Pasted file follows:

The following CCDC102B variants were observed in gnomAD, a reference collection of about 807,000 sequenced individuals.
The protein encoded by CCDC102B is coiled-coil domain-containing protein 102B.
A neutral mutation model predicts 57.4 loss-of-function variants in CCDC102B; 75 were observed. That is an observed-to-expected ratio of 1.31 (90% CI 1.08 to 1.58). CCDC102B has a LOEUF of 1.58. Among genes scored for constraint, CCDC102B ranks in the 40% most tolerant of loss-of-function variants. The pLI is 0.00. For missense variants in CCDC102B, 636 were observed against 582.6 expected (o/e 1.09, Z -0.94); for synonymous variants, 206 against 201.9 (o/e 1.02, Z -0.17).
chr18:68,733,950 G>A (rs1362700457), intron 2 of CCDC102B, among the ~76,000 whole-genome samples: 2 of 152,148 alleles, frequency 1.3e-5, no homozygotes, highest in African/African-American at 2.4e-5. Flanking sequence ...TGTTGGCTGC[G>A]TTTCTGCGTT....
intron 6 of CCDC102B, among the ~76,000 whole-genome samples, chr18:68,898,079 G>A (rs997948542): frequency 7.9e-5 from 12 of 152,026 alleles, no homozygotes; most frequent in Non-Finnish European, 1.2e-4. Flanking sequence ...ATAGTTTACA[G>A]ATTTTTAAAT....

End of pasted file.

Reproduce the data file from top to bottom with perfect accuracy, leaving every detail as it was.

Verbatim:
The following CCDC102B variants were observed in gnomAD, a reference collection of about 807,000 sequenced individuals.
The protein encoded by CCDC102B is coiled-coil domain-containing protein 102B.
A neutral mutation model predicts 57.4 loss-of-function variants in CCDC102B; 75 were observed. That is an observed-to-expected ratio of 1.31 (90% CI 1.08 to 1.58). CCDC102B has a LOEUF of 1.58. Among genes scored for constraint, CCDC102B ranks in the 40% most tolerant of loss-of-function variants. The pLI is 0.00. For missense variants in CCDC102B, 636 were observed against 582.6 expected (o/e 1.09, Z -0.94); for synonymous variants, 206 against 201.9 (o/e 1.02, Z -0.17).
chr18:68,733,950 G>A (rs1362700457), intron 2 of CCDC102B, among the ~76,000 whole-genome samples: 2 of 152,148 alleles, frequency 1.3e-5, no homozygotes, highest in African/African-American at 2.4e-5. Flanking sequence ...TGTTGGCTGC[G>A]TTTCTGCGTT....
intron 6 of CCDC102B, among the ~76,000 whole-genome samples, chr18:68,898,079 G>A (rs997948542): frequency 7.9e-5 from 12 of 152,026 alleles, no homozygotes; most frequent in Non-Finnish European, 1.2e-4. Flanking sequence ...ATAGTTTACA[G>A]ATTTTTAAAT....